Palestinian newspaper Al Quds was ordered by Arafat?s minions to run an article on the thug?s meeting with a Greek Orthodox leader on the front page. When it ran on page 8 instead, armed guards arrested Al Quds editor Maher al-Alami, ?detaining? him for six days.
Violence and intimidation continue to play significant roles in Arafat?s playbook. On Tuesday, former Cabinet minister and longtime Arafat critic, Nabil Amr, was shot on his way home by unidentified ?gunmen.? Early reports indicate he might lose his leg.
Maybe it?s no surprise that Abbas refused to cross Arafat, and Qureia chose resignation over a ?mysterious? death.
At least Arafat treats political enemies better than he does Israelis. He openly desires nothing short of the complete destruction of the Jewish state. He is, after all, a partner for peace.
While charming diplomatic dupes in the West with beautiful English-language statements, he has for years been rallying Palestinians to Jihad?in Arabic
It?s all part of Arafat?s cult of death. It starts by brainwashing youths not long after they are out of diapers, and the incitement continues with the bombardment of constant anti-Semitism and calls to arms over radio and television. With so much venom injected into Palestinian hearts and minds, it?s a fair question if peace can come even after Arafat exits stage left.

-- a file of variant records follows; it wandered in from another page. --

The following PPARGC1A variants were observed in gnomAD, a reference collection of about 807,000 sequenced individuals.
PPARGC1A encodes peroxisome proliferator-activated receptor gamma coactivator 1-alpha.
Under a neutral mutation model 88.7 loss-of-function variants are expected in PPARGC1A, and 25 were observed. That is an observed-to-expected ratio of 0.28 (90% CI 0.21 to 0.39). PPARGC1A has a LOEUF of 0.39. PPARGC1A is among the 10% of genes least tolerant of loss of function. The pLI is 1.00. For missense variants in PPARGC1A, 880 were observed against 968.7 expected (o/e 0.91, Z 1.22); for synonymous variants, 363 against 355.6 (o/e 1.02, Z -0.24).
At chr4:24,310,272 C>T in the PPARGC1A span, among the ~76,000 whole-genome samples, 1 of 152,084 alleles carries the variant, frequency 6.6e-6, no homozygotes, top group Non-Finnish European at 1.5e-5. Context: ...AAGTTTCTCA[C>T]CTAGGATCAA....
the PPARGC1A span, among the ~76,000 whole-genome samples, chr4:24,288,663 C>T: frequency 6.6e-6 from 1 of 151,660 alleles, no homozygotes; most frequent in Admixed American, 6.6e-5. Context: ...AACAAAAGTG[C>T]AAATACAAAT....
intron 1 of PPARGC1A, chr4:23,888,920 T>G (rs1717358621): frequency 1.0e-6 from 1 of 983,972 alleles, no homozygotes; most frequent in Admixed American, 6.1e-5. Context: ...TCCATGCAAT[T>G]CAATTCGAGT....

Offering a glimmer of hope, though, that Palestinians might be able to overcome Arafat?s cancerous reign is decades of exposure to Israeli media. Though Palestinians may not love their neighbor, they do envy it. According to a recent poll, Palestinians preferred an Israeli-style democracy over that found in any other nation, such as the U.S., France, or Germany.
It would be messy, and likely bloody, but after the demise of Arafat, the Palestinian people might eventually get just that.
Joel Mowbray, who got his start with Townhall.com, is an award-winning investigative journalist, nationally-syndicated columnist and author of Dangerous Diplomacy: How the State Department Threatens America's Security.
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